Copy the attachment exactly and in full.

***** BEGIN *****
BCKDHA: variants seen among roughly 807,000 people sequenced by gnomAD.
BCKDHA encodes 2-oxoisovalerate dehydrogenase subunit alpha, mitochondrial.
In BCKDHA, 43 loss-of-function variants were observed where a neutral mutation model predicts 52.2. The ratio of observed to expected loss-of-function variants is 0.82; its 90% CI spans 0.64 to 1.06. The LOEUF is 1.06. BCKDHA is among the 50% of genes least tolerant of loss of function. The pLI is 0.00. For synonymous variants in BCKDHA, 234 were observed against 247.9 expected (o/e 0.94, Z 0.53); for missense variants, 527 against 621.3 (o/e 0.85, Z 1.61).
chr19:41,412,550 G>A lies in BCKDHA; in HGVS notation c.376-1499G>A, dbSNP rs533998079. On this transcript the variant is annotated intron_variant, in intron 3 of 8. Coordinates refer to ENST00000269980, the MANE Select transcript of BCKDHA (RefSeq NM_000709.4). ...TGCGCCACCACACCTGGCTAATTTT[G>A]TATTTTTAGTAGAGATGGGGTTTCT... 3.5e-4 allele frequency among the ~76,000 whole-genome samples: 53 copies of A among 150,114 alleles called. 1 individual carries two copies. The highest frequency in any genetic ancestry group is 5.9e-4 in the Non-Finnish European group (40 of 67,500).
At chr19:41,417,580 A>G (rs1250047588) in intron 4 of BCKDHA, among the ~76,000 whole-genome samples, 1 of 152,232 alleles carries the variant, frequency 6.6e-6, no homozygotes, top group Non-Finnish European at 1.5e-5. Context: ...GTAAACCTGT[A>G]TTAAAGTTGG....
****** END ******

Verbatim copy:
BCKDHA: variants seen among roughly 807,000 people sequenced by gnomAD.
BCKDHA encodes 2-oxoisovalerate dehydrogenase subunit alpha, mitochondrial.
In BCKDHA, 43 loss-of-function variants were observed where a neutral mutation model predicts 52.2. The ratio of observed to expected loss-of-function variants is 0.82; its 90% CI spans 0.64 to 1.06. The LOEUF is 1.06. BCKDHA is among the 50% of genes least tolerant of loss of function. The pLI is 0.00. For synonymous variants in BCKDHA, 234 were observed against 247.9 expected (o/e 0.94, Z 0.53); for missense variants, 527 against 621.3 (o/e 0.85, Z 1.61).
chr19:41,412,550 G>A lies in BCKDHA; in HGVS notation c.376-1499G>A, dbSNP rs533998079. On this transcript the variant is annotated intron_variant, in intron 3 of 8. Coordinates refer to ENST00000269980, the MANE Select transcript of BCKDHA (RefSeq NM_000709.4). ...TGCGCCACCACACCTGGCTAATTTT[G>A]TATTTTTAGTAGAGATGGGGTTTCT... 3.5e-4 allele frequency among the ~76,000 whole-genome samples: 53 copies of A among 150,114 alleles called. 1 individual carries two copies. The highest frequency in any genetic ancestry group is 5.9e-4 in the Non-Finnish European group (40 of 67,500).
At chr19:41,417,580 A>G (rs1250047588) in intron 4 of BCKDHA, among the ~76,000 whole-genome samples, 1 of 152,232 alleles carries the variant, frequency 6.6e-6, no homozygotes, top group Non-Finnish European at 1.5e-5. Context: ...GTAAACCTGT[A>G]TTAAAGTTGG....